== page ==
Who is telling our stories? GPHCC talks changing the narrative of Latinos in Philadelphia
The discussion was the final one of the chamber’s “Closing the Gap” conference.
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Last week, between Aug. 17 and 21, the Greater Philadelphia Hispanic Chamber of Commerce held its “Closing the Gap” conference dedicated to putting Latino professionals and businesses in the city and region on the map.
The week featured everything from highlighting Latino small businesses to giving advice to those businesses on legal matters, marketing, franchising, government contracting and more.
But arguably, the most important conversation came at the week’s end and discussed the stories being told about Latinos in mainstream media.
The presentation was titled, “Who is Telling Our Stories,” and featured a panel of editors and journalists from The Philadelphia Inquirer, The Philadelphia Business Journal, CIO Dive, and NBC10/Telemundo to talk about how Latinos are portrayed in the media.
Jennifer Rodriguez, the President and CEO of GPHCC, put it bluntly when it comes to Latino businesses.
“They rarely highlight a Latino that is a successful business owner,” she said.
It’s vital considering that Councilmember María Quiñones-Sánchez opened the discussion by driving home that Latino businesses will be a major part of the “smart restart” being talked about for the city in City Council.
Quiñones-Sánchez has even laid out a challenge to business leaders across the city to make sure the “smart restart” they talk about at City Hall and the “new normal” everyone re-enters is more equitable for everyone.
“Today, I ask the business community to join me in the fight for real, long-term investments in Black and Brown communities,” wrote the councilmember in her call to arms in the Philadelphia Citizen.
“The future of Philadelphia is at stake,” she told attendees on the last day of the virtual GPHCC conference.
As part of the “new normal” advocated by Quiñones-Sánchez, the media must portray a new narrative of Latinos that truly captures their business prowess and purchasing power as a population.
Roberto Torres, a reporter at CIO Dive, pointed out that it often starts with the entrepreneur, and Latino entrepreneurs aren’t getting enough love from the media to tell their stories.
For Ezequiel Minaya, an editor at the The Philadelphia Inquirer, changing the narrative of Latinos in the U.S. is something that’s been kicked around since the 1980s.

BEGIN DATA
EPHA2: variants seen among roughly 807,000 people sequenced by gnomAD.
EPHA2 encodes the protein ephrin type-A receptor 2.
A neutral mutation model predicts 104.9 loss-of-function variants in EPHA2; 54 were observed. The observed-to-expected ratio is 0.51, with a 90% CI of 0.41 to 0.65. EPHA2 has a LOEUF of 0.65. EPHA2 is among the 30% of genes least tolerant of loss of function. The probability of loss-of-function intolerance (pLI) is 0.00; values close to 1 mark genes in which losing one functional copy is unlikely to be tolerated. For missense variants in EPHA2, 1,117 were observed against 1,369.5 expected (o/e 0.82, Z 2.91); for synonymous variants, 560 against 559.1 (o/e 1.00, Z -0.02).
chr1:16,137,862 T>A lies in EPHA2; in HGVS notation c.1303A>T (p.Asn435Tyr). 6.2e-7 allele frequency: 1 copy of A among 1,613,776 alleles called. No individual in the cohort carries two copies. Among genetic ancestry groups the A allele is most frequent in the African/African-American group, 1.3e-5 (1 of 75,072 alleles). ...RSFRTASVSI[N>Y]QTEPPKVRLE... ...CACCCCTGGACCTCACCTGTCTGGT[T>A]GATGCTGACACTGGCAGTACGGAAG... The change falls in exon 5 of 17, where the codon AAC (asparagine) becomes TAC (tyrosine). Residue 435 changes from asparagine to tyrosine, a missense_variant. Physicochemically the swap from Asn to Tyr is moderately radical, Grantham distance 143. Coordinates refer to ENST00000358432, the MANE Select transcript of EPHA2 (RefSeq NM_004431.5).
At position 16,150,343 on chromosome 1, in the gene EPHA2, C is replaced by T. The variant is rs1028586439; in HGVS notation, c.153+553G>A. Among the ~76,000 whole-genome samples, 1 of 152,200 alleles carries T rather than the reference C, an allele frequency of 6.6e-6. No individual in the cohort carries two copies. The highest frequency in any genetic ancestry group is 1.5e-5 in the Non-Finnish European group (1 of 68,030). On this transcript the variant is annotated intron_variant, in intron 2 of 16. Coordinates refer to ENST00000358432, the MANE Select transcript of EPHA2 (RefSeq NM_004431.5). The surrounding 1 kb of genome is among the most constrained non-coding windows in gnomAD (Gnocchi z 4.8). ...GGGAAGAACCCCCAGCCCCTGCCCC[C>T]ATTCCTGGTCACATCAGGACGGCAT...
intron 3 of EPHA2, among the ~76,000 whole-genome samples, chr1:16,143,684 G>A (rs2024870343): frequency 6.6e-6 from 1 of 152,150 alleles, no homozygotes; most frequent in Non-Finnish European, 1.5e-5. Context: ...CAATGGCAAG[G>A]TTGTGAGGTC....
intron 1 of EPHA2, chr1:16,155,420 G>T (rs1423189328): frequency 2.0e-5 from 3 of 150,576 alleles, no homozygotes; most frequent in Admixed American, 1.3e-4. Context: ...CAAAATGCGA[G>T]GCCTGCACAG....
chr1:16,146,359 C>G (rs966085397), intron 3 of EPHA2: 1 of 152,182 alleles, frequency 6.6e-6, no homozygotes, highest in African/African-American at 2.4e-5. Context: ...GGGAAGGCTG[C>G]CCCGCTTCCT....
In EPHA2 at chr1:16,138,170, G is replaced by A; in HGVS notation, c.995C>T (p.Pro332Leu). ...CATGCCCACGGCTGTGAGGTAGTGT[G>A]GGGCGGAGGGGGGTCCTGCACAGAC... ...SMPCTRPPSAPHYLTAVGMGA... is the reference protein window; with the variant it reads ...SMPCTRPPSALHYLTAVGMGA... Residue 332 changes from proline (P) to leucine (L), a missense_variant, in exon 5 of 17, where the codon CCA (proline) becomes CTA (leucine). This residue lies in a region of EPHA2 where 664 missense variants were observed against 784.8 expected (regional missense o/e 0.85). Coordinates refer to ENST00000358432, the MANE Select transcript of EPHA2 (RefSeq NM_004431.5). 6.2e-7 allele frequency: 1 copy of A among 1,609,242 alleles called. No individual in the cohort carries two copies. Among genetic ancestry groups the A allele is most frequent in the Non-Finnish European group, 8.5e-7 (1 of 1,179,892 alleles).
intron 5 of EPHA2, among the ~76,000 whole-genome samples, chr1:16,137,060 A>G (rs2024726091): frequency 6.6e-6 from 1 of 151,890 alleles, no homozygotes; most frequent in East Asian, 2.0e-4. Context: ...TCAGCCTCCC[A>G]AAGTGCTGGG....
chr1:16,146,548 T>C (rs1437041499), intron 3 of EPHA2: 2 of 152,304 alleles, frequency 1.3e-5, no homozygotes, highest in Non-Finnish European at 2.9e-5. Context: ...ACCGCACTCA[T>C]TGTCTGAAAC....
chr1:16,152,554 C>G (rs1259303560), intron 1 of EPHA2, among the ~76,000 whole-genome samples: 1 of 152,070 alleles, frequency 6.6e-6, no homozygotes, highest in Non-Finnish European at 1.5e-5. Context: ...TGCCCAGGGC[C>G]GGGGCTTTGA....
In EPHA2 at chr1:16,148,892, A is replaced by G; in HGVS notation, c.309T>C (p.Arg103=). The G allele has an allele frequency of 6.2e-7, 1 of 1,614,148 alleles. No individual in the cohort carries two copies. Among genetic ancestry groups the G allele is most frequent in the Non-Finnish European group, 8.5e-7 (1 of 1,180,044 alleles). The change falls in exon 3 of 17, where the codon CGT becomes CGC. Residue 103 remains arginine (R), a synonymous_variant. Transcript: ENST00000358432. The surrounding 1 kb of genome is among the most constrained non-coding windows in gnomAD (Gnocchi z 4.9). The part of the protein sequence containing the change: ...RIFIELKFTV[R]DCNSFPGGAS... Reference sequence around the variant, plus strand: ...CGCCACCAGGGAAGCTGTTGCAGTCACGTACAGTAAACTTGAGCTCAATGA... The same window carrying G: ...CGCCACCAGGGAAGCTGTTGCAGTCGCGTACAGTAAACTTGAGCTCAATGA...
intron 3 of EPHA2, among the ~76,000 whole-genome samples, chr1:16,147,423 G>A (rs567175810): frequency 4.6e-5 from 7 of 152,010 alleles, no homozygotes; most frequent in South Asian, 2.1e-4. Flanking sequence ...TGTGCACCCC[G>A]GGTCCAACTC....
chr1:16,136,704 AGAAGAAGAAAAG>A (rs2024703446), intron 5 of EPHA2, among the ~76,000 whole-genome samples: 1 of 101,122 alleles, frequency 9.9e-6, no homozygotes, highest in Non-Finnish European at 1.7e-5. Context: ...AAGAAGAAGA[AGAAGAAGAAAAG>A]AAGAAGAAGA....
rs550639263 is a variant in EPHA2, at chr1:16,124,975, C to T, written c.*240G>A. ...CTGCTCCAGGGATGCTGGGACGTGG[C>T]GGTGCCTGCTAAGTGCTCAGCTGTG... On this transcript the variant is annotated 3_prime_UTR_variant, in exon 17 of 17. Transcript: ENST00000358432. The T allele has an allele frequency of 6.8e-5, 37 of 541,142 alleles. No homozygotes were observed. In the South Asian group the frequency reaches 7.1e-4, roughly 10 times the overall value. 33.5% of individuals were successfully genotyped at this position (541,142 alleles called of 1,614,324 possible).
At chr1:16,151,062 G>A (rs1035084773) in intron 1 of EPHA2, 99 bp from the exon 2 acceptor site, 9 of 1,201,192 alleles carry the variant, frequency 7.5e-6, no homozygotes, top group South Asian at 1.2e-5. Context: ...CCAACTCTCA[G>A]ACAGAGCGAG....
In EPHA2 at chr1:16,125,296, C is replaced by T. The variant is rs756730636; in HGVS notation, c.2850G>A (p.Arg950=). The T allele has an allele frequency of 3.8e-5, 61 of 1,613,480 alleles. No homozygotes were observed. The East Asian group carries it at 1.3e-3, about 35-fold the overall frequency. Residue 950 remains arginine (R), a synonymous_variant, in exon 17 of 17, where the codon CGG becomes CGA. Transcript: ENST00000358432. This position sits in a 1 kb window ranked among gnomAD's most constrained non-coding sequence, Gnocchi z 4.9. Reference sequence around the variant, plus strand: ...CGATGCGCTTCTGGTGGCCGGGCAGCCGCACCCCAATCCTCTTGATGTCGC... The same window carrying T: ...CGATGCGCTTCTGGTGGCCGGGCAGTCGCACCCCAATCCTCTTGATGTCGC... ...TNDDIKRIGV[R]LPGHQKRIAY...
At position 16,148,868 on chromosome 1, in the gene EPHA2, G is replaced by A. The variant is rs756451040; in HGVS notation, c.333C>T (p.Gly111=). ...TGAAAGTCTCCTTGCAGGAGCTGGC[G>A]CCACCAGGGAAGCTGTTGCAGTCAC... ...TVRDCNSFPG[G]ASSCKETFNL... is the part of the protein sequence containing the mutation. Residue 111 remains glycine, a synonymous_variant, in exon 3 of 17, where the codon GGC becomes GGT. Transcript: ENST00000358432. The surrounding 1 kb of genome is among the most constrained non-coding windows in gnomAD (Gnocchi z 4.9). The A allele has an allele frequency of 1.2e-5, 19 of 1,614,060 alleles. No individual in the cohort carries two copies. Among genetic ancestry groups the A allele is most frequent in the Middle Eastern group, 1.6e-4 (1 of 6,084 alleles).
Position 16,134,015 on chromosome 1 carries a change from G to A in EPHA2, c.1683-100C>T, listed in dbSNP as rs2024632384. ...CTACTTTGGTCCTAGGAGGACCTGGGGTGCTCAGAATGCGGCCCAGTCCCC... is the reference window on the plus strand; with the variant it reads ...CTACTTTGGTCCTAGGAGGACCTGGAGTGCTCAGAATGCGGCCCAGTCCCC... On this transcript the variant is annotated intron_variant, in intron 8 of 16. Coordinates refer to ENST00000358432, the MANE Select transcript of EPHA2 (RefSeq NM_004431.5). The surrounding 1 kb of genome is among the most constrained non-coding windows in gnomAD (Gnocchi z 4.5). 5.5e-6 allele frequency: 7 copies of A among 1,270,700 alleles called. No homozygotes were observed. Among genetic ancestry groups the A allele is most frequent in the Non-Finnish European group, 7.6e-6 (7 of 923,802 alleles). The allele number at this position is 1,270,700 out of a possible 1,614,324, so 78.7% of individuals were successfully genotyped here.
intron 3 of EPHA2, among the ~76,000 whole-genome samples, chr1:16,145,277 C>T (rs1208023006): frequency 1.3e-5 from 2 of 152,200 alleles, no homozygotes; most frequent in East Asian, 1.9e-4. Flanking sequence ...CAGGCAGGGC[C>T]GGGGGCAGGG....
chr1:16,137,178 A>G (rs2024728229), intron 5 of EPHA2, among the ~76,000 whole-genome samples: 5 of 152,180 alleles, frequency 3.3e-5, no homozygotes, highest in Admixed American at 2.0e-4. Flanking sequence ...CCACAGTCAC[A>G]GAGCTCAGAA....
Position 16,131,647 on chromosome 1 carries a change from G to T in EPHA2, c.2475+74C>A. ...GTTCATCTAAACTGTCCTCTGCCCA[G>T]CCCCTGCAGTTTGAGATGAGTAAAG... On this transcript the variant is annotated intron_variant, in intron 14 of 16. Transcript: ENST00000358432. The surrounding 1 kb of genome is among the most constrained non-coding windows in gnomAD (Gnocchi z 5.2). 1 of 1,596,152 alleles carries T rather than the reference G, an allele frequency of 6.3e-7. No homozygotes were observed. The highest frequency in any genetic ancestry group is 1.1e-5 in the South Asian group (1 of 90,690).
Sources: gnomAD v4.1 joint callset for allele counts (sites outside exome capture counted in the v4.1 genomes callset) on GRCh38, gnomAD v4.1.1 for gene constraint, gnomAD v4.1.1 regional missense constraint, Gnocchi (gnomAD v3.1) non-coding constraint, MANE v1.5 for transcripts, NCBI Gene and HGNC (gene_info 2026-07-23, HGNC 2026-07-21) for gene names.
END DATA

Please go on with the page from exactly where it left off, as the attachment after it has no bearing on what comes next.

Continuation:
Minaya cited two polar opposite takes from the Los Angeles Times that sparked the evolution. The first was a series called “Marauders,” which as the title suggests, was a dehumanization of the Latino population in California that resulted in massive backlash.
The follow up, “Latinos,” was a much more in-depth, 27-part series that won the paper a Pulitzer Prize.
“Problem solved right? No,” said Minaya.
He went on to say that the surface-level characterization of Latinos in big media could also have to do with the economic hit the news industry has taken over the last four decades.
The necessary diversification efforts have been replaced by the need to survive.
A by-product of that is the news industry’s reliance on unpaid internships in 2020. They can be found, but are only truly utilized as a way to get a leg up in the industry by those that can afford it.
Minaya said in his early unpaid days at the now-defunct Village Voice in New York City were supplemented by also working at a deli.
Jeff Blumenthal, another member of the panel and reporter for the Philadelphia Business Journal, added to the dire economic picture by referencing the news deserts — areas of the country without a local publication for news — that are appearing in the Philadelphia suburbs.
But all the talk of economic crisis and survival does not mean the panelists have lost hope in news, or its ability to tell more authentic, well-rounded Latino stories.
Minaya cited the younger generation as the driving force across the country that is not only greasing the wheels of progress in some of the nation’s oldest, traditional newsrooms, but also realizing and acting on the importance of diversity when telling stories about different communities.
“It’s not just my surname,” said Minaya before recognizing that even within the Latino community there are regional differences.
Latinos born in the U.S. also bring a completely new perspective to the table of storytelling.
Lucy Bustamante of NBC10/Telemundo was born and raised in New Orleans, Louisiana and in her own words, didn’t interact with people like her “until the end of college.”
She credited the experience of growing up around others that were different from her to her desire to be a bridge builder between communities.
It’s something Bustamante does as a journalist in the workplace and out of it in the communities of Philadelphia.
If there’s anything to be taken from the role of media in changing the narrative of Latinos in Philadelphia and beyond, it’s just that. It must be the bridge, and must involve everyone.
Bustamante left the attendees with one question.
“What are you doing to get others involved?”